Well, 10 minutes and a backyard full of lint later (fail), this puppy was still caked in lint. I was pretty sure it would stay that way so I decided to give up and use the new vent that the delivery guys left with us. The new vent was much more rigid than the aluminum foil-type vent that we had before. Through a little google research, I found out that this rigid vent is actually much safer than the old one because the old one is not sturdy enough to support its own weight and sags as a result. This sagging allows lint to gather in the bottom of the vent, instead of moving through it and to the outside (hence the pile of lint that fell out of it when the old dryer was disconnected). Plus, the foil types are more prone to holes. Here's a picture of me with the rigid vent:

Some other things I learned about dryer vents:
  • A dryer vent should not contain right angles or rigid turns, with the exception the elbow piece that connects it to the dryer.
  • Transitional vents should be as smooth and straight as possible so that lint doesn’t get trapped anywhere along the vent.
  • Transitional vents should be a max of 8 feet long, and only one transitional vent should be used to connect the dryer and the vent in the ceiling.
  • The connection between the vent should be as airtight as possible and extremely secure to allow the dryer to be efficient and prevent moisture and carbon monoxide (gas dryer, not what we have) from escaping into the house.
When I got the vent expanded to about 8 feet, I tried to connect it to the ceiling vent and ran into another problem. The transitional vent didn’t fit over the ceiling vent like it was supposed to. It fit inside, but didn’t stay securely connected even when I screwed the metal clamp down. Discouraged, I called my dad, had an awkward conversation during which he asked me which vent was the “male piece” and which vent was the “female piece”, and came away still not knowing what to do. An employee at Home Depot said that the only thing they carried that connected two vents was this vent connector (duh), and that I should use aluminum foil tape if the connection wasn’t secure. I wasn’t really comfortable with this flexible tape holding the pipes together.

Then I had my light bulb moment. The solution wasn't to find a piece to connect my two vents; what I needed to do was remove the connector that I realized was already connected to the transitional vent. Still, I purchased the aluminum foil tape just in case (it was kind of cool), and went home to tackle my project.

I removed the clamp and connector piece on the end of the transitional vent, put the transitional vent over the vent in the ceiling, secured it with the foil tape (probably unnecessary, but just to be safe), and then secured the vent with the metal clamp, making sure the clamp when over the slits that were cut in the vent. Note that you must slip the metal clamp on the vent before you make the connection.

This picture shows the proper placement of the clamp, before you cinch it down (before aluminum foil was on there so you could see exactly where I meant):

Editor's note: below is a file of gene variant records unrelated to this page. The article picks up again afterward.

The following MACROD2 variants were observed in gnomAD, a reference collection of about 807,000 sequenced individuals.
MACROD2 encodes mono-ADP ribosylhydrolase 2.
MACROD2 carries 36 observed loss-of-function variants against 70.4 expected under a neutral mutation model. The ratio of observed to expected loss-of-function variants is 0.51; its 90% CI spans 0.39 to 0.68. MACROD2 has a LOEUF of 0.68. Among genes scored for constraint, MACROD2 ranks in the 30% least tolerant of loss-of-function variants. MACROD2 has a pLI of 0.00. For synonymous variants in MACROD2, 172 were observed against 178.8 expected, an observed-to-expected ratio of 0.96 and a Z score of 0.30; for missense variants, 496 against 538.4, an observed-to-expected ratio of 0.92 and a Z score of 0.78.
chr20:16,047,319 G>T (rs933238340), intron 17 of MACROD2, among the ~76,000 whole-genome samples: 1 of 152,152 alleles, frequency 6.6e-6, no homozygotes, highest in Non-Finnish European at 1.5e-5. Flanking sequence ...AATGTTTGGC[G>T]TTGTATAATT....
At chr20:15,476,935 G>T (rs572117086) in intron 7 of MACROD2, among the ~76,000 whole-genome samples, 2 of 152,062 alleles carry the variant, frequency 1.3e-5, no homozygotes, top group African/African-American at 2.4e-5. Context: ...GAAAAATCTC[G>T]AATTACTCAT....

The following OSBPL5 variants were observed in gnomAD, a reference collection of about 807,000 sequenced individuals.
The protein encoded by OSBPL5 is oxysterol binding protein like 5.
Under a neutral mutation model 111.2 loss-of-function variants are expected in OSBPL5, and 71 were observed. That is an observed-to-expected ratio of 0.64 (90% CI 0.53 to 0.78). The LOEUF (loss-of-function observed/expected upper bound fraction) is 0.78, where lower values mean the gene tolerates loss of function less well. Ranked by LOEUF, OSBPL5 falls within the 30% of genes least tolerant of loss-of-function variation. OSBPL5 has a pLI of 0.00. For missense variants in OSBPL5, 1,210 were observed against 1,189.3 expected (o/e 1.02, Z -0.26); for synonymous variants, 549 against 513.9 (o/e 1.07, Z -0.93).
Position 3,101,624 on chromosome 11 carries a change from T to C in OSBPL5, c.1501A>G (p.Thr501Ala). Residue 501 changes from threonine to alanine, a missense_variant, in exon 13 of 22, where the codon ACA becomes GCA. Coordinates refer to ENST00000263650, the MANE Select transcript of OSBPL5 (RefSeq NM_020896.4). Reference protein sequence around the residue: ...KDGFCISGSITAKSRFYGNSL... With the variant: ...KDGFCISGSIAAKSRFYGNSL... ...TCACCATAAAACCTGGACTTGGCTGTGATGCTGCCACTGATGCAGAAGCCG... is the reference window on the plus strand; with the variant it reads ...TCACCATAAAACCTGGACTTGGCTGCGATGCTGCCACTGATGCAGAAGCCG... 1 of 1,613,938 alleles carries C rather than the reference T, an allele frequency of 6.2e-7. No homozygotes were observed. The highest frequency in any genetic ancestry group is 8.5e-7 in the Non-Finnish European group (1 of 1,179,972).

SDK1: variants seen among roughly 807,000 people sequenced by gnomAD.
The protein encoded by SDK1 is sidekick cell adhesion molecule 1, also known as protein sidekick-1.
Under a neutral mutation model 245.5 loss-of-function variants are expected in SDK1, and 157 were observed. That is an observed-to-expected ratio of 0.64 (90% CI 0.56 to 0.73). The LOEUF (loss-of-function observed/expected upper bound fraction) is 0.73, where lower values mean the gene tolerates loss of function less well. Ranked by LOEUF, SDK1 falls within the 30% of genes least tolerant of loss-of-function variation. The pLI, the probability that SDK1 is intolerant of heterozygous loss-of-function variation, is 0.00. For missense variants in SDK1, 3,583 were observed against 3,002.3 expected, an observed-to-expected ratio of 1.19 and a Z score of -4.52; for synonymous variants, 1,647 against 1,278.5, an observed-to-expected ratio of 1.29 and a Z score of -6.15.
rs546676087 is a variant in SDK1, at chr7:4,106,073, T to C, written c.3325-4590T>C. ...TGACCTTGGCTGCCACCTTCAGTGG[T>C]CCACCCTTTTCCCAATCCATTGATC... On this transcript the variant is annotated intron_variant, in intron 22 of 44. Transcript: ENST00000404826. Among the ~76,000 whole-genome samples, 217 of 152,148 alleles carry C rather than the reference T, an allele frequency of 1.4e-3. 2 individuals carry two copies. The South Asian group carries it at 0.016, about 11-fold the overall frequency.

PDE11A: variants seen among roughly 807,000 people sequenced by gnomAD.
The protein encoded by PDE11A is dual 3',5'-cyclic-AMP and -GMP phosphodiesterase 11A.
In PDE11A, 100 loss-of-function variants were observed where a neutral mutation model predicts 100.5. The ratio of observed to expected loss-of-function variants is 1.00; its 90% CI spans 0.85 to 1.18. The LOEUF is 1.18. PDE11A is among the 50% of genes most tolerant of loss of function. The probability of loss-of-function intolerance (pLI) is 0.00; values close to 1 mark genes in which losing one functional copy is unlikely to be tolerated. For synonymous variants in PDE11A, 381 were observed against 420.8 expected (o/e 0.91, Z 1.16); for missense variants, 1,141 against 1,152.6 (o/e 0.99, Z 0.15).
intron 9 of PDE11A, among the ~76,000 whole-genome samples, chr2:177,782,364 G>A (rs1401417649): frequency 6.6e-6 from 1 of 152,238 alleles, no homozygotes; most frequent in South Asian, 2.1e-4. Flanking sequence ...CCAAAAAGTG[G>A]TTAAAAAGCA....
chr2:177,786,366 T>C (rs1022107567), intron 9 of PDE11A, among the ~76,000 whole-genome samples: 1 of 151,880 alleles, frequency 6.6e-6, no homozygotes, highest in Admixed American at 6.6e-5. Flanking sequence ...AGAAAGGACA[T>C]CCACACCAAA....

Ta da! We're vented!

Hookin’ Up
To bring some electricity to the equation, I used the old range cord, which was still in great shape. Through more google research, I determined that the two outer wires of my cord were the hot wires, and the center wire was the neutral/ground wire, which is common on range cords. On the dryer, the neutral ground wire was silver and the hot wires were brass. I connected the appropriate wires by unscrewing the connections, and then inserting them through the end of the cord and back into the dryer. I secured them, but was careful not to make the connection so tight that it would damage the cord connections themselves.

With the cord attached, I put the cover back on and moved the dryer into place. I made sure to clean the area beneath the dryer with a shop vac that I bought on craigslist for $20. Using a metal clamp, I attached the elbow piece of the transitional vent onto the dryer and tightened the clamp until the dryer was secure.

Then I used my level to determine whether the dryer was level, and adjusted the feet until it was.

Before plugging in the dryer, I turned off the power to the circuit. To do this, I reviewed the notes on my electrical panel to determine which circuit the dryer was connected to: circuits 10 and 12.

I located circuits 10 and 12 on the panel (which were connected) and moved them from the “on” to “off” position.
On position: 

Off position: 

I then plugged the dryer in and moved it into place, being careful not to crush the vent. Finally, I turned the circuit back on, and tested my handiwork. She turned on perfectly, so I did my NFL victory dance and had my roommate take a picture of my moment of glory.

I'm really glad I did this myself because I know more about the electrical system in our house now, and I think that I was much more careful to get rid of lint and clean the floor around the dryer than the delivery guys would have been. Most people recommend that you have a professional install your dryer, but we don’t all have landlords willing to pay for professionals, and we don’t all have money to pay for professionals ourselves. Installing a dryer is actually quite easy, as long as you're careful and know what you’re working with.

Like I said earlier, I'm not expert, so please comment if you're more experienced in this realm and have more advice to provide. 

1 comment:

  1. So who said that college doesn't teach a person to think for themselves. Please never rely 100% on electrical panel labeling. Add some sort of electrical test device to your toolbag. There are many Non-Contact Voltage Testers on the market. During this escapade, did you sort out why some breakers are twice as big as others? Ur electrical engineer grandpa can help with that.